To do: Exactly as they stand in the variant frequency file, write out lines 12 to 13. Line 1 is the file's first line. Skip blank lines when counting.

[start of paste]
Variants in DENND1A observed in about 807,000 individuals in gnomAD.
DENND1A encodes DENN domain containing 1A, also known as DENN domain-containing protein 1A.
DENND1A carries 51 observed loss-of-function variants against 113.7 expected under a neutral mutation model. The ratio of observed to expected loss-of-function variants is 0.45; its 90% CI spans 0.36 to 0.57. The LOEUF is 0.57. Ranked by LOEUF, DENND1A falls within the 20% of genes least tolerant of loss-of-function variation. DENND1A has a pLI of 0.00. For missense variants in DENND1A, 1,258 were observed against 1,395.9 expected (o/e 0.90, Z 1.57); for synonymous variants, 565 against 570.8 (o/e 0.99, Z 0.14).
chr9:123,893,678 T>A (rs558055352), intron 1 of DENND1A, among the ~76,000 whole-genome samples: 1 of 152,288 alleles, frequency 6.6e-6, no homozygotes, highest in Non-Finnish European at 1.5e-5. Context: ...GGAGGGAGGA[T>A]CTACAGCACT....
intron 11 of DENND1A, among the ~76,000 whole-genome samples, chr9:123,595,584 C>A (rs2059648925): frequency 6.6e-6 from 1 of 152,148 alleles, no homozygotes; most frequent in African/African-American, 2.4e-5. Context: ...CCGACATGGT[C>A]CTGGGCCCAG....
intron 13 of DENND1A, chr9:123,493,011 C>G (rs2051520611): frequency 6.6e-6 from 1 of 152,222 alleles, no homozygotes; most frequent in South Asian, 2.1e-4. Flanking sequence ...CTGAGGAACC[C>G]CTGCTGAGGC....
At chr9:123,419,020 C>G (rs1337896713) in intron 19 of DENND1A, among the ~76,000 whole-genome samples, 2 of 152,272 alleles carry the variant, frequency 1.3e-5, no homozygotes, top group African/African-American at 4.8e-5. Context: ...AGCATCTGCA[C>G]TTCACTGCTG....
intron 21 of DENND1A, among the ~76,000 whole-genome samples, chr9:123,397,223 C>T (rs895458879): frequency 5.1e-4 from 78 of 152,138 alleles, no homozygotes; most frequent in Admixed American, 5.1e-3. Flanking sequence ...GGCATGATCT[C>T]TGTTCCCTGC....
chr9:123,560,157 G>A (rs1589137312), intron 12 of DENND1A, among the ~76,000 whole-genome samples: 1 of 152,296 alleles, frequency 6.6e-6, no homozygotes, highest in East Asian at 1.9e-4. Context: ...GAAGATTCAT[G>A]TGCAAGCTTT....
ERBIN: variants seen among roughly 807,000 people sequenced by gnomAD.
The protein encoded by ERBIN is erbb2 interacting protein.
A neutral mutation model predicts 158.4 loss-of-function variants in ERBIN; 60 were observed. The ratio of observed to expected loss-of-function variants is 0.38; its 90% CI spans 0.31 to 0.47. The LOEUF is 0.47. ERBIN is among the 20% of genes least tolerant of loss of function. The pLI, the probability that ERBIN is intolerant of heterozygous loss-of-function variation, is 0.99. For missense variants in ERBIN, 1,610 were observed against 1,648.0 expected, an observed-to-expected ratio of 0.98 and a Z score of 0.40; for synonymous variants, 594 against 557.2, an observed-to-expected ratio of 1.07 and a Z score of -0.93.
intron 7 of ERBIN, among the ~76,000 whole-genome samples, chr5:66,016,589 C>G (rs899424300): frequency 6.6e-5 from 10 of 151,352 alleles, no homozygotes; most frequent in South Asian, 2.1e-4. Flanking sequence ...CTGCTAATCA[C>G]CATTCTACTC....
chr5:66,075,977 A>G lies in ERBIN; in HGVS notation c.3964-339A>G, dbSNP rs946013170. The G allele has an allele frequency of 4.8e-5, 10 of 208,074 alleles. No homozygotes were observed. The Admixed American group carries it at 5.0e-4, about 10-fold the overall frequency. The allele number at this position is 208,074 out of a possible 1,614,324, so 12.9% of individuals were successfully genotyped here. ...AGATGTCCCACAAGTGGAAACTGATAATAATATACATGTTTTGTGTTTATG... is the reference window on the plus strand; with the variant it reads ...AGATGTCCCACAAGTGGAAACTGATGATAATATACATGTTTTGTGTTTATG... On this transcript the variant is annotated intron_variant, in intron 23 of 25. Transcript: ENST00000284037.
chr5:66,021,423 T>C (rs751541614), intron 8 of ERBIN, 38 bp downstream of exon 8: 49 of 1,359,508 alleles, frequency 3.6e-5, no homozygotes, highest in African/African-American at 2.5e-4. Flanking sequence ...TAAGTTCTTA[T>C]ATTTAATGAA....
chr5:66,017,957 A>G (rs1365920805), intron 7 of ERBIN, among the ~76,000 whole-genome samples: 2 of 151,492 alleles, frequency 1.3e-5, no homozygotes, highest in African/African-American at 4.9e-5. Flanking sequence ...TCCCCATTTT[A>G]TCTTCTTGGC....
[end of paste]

A neutral mutation model predicts 158.4 loss-of-function variants in ERBIN; 60 were observed. The ratio of observed to expected loss-of-function variants is 0.38; its 90% CI spans 0.31 to 0.47. The LOEUF is 0.47. ERBIN is among the 20% of genes least tolerant of loss of function. The pLI, the probability that ERBIN is intolerant of heterozygous loss-of-function variation, is 0.99. For missense variants in ERBIN, 1,610 were observed against 1,648.0 expected, an observed-to-expected ratio of 0.98 and a Z score of 0.40; for synonymous variants, 594 against 557.2, an observed-to-expected ratio of 1.07 and a Z score of -0.93.
intron 7 of ERBIN, among the ~76,000 whole-genome samples, chr5:66,016,589 C>G (rs899424300): frequency 6.6e-5 from 10 of 151,352 alleles, no homozygotes; most frequent in South Asian, 2.1e-4. Flanking sequence ...CTGCTAATCA[C>G]CATTCTACTC....